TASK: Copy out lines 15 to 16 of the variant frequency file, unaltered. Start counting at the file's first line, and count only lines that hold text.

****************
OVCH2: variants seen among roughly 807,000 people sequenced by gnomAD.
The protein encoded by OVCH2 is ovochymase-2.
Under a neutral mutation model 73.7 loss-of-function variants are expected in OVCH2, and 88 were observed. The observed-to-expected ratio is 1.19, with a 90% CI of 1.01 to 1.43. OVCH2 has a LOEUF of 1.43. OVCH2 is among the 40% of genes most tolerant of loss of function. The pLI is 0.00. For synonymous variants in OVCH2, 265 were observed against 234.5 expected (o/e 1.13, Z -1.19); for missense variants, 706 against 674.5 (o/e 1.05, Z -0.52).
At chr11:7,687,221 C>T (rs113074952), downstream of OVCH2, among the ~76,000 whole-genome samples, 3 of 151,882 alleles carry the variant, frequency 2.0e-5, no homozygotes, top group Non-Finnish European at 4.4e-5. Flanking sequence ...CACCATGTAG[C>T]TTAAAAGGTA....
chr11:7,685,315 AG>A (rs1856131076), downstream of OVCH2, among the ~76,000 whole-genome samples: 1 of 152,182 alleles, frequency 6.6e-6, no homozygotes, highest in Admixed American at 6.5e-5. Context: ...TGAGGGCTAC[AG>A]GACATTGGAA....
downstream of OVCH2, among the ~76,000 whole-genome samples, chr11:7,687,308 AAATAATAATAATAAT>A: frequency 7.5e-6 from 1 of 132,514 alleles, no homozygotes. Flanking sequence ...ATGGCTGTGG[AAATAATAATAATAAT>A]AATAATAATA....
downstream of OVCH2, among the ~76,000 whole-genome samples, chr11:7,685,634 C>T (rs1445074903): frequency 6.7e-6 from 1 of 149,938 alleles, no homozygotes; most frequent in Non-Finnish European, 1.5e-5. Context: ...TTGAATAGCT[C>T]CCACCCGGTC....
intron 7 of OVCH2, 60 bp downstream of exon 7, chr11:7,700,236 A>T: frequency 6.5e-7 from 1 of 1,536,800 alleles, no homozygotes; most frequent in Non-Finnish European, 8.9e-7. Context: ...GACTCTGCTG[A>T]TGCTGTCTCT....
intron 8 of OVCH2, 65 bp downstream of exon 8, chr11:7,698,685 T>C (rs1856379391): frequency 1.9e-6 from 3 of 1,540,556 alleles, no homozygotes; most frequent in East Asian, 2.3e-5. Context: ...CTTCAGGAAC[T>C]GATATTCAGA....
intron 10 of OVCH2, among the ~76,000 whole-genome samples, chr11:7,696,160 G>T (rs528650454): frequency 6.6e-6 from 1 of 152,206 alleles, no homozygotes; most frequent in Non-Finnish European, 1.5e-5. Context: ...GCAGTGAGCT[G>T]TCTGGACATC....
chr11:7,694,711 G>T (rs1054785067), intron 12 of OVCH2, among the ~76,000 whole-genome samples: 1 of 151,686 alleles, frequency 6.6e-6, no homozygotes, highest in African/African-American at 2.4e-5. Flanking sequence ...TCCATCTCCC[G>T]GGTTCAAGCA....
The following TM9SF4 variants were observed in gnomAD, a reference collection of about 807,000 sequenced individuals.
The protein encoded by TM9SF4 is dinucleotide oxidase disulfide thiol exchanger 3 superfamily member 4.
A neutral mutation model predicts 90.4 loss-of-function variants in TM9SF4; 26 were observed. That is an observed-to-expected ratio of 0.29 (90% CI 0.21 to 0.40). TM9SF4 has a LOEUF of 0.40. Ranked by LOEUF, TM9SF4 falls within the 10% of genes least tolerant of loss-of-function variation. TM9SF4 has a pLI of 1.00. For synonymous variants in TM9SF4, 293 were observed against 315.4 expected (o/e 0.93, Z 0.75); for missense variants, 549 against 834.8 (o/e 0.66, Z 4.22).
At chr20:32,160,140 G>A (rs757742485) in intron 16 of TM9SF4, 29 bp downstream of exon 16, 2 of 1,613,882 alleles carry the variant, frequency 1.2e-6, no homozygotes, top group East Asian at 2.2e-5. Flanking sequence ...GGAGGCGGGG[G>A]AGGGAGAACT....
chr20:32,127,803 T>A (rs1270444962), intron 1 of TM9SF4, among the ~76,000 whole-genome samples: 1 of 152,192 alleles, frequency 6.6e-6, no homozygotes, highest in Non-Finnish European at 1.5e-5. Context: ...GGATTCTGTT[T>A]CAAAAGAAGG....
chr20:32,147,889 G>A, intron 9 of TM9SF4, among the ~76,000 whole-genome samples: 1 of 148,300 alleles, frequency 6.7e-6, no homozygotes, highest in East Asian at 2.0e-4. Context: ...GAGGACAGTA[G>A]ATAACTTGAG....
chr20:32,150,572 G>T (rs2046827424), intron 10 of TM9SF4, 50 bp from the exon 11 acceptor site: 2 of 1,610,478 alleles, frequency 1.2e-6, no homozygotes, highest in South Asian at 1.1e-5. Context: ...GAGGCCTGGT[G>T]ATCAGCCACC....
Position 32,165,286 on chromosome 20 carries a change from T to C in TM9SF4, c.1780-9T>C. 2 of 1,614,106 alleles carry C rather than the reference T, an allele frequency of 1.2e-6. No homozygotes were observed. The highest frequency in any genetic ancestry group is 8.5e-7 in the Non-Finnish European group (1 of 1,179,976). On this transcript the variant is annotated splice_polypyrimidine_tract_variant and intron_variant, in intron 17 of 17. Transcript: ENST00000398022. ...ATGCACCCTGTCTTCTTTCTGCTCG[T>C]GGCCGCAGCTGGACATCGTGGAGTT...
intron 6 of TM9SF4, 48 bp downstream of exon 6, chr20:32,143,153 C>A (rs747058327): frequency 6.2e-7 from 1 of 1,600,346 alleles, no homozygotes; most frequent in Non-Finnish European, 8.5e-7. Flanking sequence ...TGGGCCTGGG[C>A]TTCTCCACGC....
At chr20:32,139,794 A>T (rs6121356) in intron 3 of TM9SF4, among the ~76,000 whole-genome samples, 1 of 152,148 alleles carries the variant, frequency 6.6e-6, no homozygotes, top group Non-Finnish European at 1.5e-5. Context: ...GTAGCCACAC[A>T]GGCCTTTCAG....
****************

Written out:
At chr20:32,160,140 G>A (rs757742485) in intron 16 of TM9SF4, 29 bp downstream of exon 16, 2 of 1,613,882 alleles carry the variant, frequency 1.2e-6, no homozygotes, top group East Asian at 2.2e-5. Flanking sequence ...GGAGGCGGGG[G>A]AGGGAGAACT....
chr20:32,127,803 T>A (rs1270444962), intron 1 of TM9SF4, among the ~76,000 whole-genome samples: 1 of 152,192 alleles, frequency 6.6e-6, no homozygotes, highest in Non-Finnish European at 1.5e-5. Context: ...GGATTCTGTT[T>A]CAAAAGAAGG....